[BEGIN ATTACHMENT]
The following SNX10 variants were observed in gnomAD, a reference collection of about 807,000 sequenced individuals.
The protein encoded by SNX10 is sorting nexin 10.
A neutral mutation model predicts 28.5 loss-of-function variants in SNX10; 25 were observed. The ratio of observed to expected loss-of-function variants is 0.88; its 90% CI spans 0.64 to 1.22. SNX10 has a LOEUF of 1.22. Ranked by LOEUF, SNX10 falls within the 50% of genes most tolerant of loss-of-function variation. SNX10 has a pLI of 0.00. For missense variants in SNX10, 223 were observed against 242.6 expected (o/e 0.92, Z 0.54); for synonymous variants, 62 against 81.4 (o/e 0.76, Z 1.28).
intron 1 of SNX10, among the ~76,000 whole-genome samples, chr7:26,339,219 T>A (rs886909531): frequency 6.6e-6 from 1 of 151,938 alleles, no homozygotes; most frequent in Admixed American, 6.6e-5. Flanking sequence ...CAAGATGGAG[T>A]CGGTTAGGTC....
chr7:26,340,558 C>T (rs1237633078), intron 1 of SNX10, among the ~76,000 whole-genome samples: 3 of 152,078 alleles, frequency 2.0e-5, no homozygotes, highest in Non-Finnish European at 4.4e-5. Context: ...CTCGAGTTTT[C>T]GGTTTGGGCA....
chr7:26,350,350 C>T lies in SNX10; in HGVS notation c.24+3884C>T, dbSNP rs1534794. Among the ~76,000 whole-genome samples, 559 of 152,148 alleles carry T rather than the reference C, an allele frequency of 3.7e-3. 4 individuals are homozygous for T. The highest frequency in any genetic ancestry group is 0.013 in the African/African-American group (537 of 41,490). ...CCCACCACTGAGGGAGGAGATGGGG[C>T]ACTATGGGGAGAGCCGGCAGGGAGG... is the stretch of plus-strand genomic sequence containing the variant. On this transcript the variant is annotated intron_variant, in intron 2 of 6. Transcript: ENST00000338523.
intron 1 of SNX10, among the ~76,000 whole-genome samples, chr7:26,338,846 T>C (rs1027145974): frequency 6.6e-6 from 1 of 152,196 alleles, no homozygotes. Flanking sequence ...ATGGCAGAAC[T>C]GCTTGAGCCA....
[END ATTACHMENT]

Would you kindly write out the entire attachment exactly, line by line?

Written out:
The following SNX10 variants were observed in gnomAD, a reference collection of about 807,000 sequenced individuals.
The protein encoded by SNX10 is sorting nexin 10.
A neutral mutation model predicts 28.5 loss-of-function variants in SNX10; 25 were observed. The ratio of observed to expected loss-of-function variants is 0.88; its 90% CI spans 0.64 to 1.22. SNX10 has a LOEUF of 1.22. Ranked by LOEUF, SNX10 falls within the 50% of genes most tolerant of loss-of-function variation. SNX10 has a pLI of 0.00. For missense variants in SNX10, 223 were observed against 242.6 expected (o/e 0.92, Z 0.54); for synonymous variants, 62 against 81.4 (o/e 0.76, Z 1.28).
intron 1 of SNX10, among the ~76,000 whole-genome samples, chr7:26,339,219 T>A (rs886909531): frequency 6.6e-6 from 1 of 151,938 alleles, no homozygotes; most frequent in Admixed American, 6.6e-5. Flanking sequence ...CAAGATGGAG[T>A]CGGTTAGGTC....
chr7:26,340,558 C>T (rs1237633078), intron 1 of SNX10, among the ~76,000 whole-genome samples: 3 of 152,078 alleles, frequency 2.0e-5, no homozygotes, highest in Non-Finnish European at 4.4e-5. Context: ...CTCGAGTTTT[C>T]GGTTTGGGCA....
chr7:26,350,350 C>T lies in SNX10; in HGVS notation c.24+3884C>T, dbSNP rs1534794. Among the ~76,000 whole-genome samples, 559 of 152,148 alleles carry T rather than the reference C, an allele frequency of 3.7e-3. 4 individuals are homozygous for T. The highest frequency in any genetic ancestry group is 0.013 in the African/African-American group (537 of 41,490). ...CCCACCACTGAGGGAGGAGATGGGG[C>T]ACTATGGGGAGAGCCGGCAGGGAGG... is the stretch of plus-strand genomic sequence containing the variant. On this transcript the variant is annotated intron_variant, in intron 2 of 6. Transcript: ENST00000338523.
intron 1 of SNX10, among the ~76,000 whole-genome samples, chr7:26,338,846 T>C (rs1027145974): frequency 6.6e-6 from 1 of 152,196 alleles, no homozygotes. Flanking sequence ...ATGGCAGAAC[T>C]GCTTGAGCCA....